The parents of a soldier, who died at the Samsok District training camp in Pyongyang, were denied access to his remains. Instead, they only received a death certificate stating their son was “killed in action“ and were sent back home, sources in North Korea told Daily NK on Friday.

The deceased private originally came from Samjiyon County in Ryanggang Province, according to Daily NK sources. The soldier had been stationed at Pyongyang’s Samsok District Training Camp No. 91 where he’d already served for two years. 

Given that he was from the provinces, the soldier’s parents, a couple in their 50s, are said to have been very proud that their son was assigned to a military base in the capital.

That is, until they suddenly received a request to visit their son’s unit without being told any reasons, a Ryanggang Province-based source told Daily NK. 

“After arriving at the base, the parents were provided with only a death certificate stating that [their son] was killed in action with no further explanation and [were sent] back home,“ he said. “Having also been denied to see her child’s body, the weeping mother fainted multiple times.”


The circumstances surrounding the death of the soldier have remained unclear – and have thus left room for various speculation.

The Pyongyang private’s stated cause of death for instance suggests he could have been killed in a military-related accident. Many North Korean defectors have compared the North Korean military’s regulations to those of South Korea – the latter considers only soldiers fallen in battle or killed in comparable conditions “killed in action.” However, Daily NK has not been able to confirm whether similar rules exist in North Korea.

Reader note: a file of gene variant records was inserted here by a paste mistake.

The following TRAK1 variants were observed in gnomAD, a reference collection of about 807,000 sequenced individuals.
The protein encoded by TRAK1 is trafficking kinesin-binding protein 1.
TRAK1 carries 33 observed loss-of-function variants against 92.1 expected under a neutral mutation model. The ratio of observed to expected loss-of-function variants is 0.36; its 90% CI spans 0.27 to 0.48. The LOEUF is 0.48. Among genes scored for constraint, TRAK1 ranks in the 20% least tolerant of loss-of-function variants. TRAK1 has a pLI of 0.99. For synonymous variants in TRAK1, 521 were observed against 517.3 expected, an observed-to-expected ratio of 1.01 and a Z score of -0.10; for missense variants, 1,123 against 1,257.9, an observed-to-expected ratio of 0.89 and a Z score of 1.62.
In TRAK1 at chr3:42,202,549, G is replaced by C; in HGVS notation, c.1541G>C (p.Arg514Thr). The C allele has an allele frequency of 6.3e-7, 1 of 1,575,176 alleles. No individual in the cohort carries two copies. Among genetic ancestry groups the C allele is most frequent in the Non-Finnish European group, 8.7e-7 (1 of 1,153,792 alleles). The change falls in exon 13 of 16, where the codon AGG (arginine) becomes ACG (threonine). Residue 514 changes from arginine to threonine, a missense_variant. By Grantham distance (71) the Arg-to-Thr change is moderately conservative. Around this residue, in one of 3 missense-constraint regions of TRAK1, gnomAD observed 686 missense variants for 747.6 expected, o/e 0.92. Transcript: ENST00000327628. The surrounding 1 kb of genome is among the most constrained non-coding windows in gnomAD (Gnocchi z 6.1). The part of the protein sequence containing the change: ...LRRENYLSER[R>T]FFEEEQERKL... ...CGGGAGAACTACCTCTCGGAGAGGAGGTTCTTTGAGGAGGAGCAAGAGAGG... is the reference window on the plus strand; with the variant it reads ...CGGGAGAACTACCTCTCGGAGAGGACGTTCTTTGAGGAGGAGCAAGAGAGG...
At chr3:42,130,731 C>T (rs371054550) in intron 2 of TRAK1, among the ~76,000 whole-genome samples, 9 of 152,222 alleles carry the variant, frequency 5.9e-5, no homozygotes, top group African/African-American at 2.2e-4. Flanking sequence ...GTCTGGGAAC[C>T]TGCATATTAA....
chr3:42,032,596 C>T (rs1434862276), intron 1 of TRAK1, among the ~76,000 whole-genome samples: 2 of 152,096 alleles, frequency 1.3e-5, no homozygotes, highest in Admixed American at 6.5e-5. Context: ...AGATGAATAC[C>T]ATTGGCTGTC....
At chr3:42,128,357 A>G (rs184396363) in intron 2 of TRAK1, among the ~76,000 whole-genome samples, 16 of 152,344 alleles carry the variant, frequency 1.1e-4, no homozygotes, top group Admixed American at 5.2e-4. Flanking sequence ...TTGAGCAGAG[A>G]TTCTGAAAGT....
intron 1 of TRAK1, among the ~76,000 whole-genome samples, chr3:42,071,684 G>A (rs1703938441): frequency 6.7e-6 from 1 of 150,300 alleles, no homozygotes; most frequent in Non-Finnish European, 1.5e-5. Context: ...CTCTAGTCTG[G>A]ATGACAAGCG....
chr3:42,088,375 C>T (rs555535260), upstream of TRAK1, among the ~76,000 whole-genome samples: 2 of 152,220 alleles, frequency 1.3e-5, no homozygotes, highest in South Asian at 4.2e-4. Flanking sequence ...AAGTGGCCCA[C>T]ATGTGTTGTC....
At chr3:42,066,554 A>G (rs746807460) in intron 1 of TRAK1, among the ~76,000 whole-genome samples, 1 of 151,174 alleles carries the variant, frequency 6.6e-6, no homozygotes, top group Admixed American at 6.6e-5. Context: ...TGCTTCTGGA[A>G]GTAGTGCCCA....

In fact, a defector interviewed by Daily NK has even voiced suspicion that the soldier’s death could have been caused by some kind of fatal mistake by his commander or a contagious disease. He justified his allegations with the military’s refusal to let the parents see their son’s remains.


The soldier’s devastated family is now also searching for answers. His father’s relatives reportedly submitted a request to the Workers’ Party of Korea (WPK) asking for information about the cause of death of his son.

According to a Daily NK informant in the country, the private’s family mourned for several days after returning home. Their grief was shared by acquaintances who “expressed their condolences.”

However, “they are also getting angry at the way in which the military dealt with the matter,” the source said. “The general opinion is that, if this is how [kinsmen are] treated after sending [their] son to serve in the KPA, the country is going to the dogs.”

In August, Daily NK reported that a new recruit stationed in Pyongyang was sent home with severe mental distress after a beating from a superior officer. The soldier’s family reportedly submitted a petition to the WPK to protest his treatment.

*Translated by Violet Kim and edited by Laura Geigenberger 

Please direct any comments or questions about this article to